June is the month dedicated to celebrating Pride, with massive parades and other events taking place across the country. Last week Toyota joined other major brands in sponsoring LA Pride, one of the largest events in the nation. Just weeks prior, however, Toyota and several of its franchisees were identified as the largest corporate donor to anti-LGBTQ+ politicians by Data For Progress.
The activist group’s Pride Corporate Accountability Project outlined a list of companies and their contributions to politicians that oppose or have opposed important legislation like the Equality Act, which would prevent discrimination against a person based on gender identity or sexual orientation nationwide. The data gets even more specific, delineating companies that also sponsor Pride events, and of that group, Toyota and its franchisees contributed nearly twice as much as any other with $601,500 in donations from 2019 to March of 2022.
While the automaker’s participation in Pride events is a step worth applauding, the simultaneous donations (even at the franchise level) to those in power impeding human rights progress is a baffling juxtaposition.
The bulk of the money comes from Toyota Gulf States Inc., an independent distributor of Toyota vehicles, that gave $580,000 to Texas Governor Greg Abbott. The governor opposes the Equality Act and has taken extensive action against LGBTQ+ Texans during his time in office. Most recently, the governor officially directed state officials to investigate gender-affirming surgeries for trans youth as “child abuse.”
The same Toyota franchisee group also gave $15,000 to Texas Attorney General Ken Paxton, who came under criticism this year for equating Austin Pride to “human sexuality instruction” and alleging that the event violates Texas law.
A Toyota Motor North America spokesperson provided the following statement when asked for comment.
“Please be informed that the overwhelming vast majority of the political giving attributed to ‘Toyota’ is not related to our company (Toyota Motor North American or TMNA). All but $5,000 of the contributions referenced were made by other companies in which TMNA has no financial stake, influence, nor control in how they manage their political donations. We respectfully ask that the company referenced is clarified.”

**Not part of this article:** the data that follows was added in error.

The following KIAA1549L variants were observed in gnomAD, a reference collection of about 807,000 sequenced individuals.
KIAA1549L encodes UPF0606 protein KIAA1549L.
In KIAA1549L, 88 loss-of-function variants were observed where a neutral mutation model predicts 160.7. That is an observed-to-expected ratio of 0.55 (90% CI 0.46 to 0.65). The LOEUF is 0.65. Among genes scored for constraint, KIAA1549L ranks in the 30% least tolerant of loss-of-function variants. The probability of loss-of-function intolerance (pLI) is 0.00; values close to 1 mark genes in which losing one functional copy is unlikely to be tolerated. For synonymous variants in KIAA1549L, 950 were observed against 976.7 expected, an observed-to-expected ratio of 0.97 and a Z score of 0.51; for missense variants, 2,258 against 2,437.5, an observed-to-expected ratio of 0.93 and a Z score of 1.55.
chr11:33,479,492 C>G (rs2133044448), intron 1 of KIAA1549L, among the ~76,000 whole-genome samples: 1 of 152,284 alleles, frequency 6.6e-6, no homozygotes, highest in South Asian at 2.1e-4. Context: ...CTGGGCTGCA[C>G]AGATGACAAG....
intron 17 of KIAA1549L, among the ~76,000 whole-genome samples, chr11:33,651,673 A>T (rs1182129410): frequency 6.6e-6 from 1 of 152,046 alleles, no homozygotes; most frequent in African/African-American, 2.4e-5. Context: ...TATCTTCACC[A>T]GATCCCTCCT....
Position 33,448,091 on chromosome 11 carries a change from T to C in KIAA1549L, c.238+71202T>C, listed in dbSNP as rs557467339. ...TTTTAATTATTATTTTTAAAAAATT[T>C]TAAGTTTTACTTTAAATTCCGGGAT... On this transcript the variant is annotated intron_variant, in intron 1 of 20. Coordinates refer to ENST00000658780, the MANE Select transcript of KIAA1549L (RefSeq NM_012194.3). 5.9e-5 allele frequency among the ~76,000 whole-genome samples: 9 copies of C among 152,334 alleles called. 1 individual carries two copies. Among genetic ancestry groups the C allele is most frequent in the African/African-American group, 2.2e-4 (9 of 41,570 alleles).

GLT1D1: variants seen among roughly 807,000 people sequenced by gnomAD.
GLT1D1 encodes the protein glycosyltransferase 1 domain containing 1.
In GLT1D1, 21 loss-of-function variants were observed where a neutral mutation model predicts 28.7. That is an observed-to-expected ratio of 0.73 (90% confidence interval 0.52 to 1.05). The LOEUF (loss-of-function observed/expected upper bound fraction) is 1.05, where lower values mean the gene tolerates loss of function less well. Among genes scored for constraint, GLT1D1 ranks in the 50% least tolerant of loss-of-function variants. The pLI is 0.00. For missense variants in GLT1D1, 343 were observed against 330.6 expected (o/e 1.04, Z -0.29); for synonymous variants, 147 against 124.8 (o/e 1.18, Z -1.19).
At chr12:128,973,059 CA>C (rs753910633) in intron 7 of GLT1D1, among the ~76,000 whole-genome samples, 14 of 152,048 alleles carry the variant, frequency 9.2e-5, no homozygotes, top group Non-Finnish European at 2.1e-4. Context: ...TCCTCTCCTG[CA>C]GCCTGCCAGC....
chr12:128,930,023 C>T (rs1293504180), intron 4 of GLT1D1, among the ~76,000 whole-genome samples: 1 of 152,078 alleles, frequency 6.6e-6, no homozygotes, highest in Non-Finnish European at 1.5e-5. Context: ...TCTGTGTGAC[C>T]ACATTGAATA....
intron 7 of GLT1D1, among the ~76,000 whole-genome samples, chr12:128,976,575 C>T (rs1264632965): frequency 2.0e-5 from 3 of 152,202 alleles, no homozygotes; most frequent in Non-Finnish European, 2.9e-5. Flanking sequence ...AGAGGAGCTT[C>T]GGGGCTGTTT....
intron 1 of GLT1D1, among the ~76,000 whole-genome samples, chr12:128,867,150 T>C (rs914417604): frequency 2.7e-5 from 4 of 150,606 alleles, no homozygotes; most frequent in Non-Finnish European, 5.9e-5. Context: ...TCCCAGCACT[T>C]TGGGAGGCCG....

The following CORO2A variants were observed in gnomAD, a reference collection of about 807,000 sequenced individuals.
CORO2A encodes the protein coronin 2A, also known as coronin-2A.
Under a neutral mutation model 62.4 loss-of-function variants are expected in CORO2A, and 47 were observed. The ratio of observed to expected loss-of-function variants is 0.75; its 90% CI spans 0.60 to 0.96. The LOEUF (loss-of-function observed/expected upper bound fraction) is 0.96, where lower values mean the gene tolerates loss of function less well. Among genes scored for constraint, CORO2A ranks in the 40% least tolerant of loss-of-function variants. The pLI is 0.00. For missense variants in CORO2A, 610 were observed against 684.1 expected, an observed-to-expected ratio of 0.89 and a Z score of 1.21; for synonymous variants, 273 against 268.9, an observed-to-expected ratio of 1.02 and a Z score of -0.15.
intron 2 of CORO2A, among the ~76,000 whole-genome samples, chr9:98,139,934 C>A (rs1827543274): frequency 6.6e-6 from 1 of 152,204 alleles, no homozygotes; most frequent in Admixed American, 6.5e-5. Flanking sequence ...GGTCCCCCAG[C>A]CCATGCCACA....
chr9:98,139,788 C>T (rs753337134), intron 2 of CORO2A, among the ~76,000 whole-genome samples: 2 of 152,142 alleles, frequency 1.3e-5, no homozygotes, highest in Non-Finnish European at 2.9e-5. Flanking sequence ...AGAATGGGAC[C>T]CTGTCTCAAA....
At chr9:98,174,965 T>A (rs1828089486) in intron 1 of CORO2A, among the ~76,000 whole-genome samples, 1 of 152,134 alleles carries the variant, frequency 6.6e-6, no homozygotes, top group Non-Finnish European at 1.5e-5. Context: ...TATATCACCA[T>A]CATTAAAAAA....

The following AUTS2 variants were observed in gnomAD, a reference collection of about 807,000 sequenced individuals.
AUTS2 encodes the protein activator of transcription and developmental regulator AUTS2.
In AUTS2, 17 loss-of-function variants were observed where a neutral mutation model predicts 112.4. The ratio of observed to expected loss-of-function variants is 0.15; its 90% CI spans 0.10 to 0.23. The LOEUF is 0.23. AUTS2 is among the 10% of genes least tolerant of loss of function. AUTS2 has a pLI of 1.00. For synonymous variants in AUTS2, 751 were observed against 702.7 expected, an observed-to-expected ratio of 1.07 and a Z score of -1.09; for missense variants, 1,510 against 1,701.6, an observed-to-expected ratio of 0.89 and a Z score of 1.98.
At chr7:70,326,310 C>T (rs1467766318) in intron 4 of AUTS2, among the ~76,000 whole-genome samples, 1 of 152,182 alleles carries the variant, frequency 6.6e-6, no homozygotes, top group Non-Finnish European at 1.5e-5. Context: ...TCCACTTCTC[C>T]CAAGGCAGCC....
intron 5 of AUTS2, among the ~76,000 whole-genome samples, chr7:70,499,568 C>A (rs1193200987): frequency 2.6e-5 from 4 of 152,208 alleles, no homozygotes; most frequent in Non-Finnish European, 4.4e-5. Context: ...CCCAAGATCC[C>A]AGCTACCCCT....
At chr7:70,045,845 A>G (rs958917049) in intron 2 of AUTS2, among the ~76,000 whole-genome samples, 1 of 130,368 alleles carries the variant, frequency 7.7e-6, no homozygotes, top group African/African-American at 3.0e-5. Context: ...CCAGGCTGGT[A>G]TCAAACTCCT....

In response to this, Data For Progress Communications Director McKenzie Wilson stated that “campaign finance researchers typically lump franchises in the same bucket.”
She continued, “Most corporations often use a complex network of state-specific PACs, subsidiaries, franchises, etc. to obfuscate their corporate giving and allow them to contribute more than they otherwise would where there are contribution or spending limits.”
This is not an isolated occurrence within the automotive industry. General Motors – a company that signed the Human Rights Campaign business statement against anti-LGBTQ+ legislation – also donated to politicians that have voted in favour of such measures. Abbott was again the lead recipient in contributions that totalled $48,500 over the last three years.
A GM rep acknowledged that the company signed the HRC statement and that its political contributions go to officials whose ideas most align with its goals, seemingly implying that could also mean someone like Greg Abbott.
“The GM employee-funded PAC supports the election of U.S. federal and state candidates from both sides of the aisle who foster sound business policies, support American workers and understand the importance of a robust domestic auto industry as we pursue an all-electric vehicle future. GM is vocal about our commitment to the LGBTQ community in our company’s policies and we are a signatory of the Human Rights Campaign’s Business Statement Opposing Anti-LQBTQ State Legislation.”
With complex business interests across the country, it’s not surprising that both Toyota and General Motors choose to put their money all over the political spectrum. But as we reflect on social progress made this Pride month, it’s important to consider that sometimes corporate sponsorship and support come at a cost.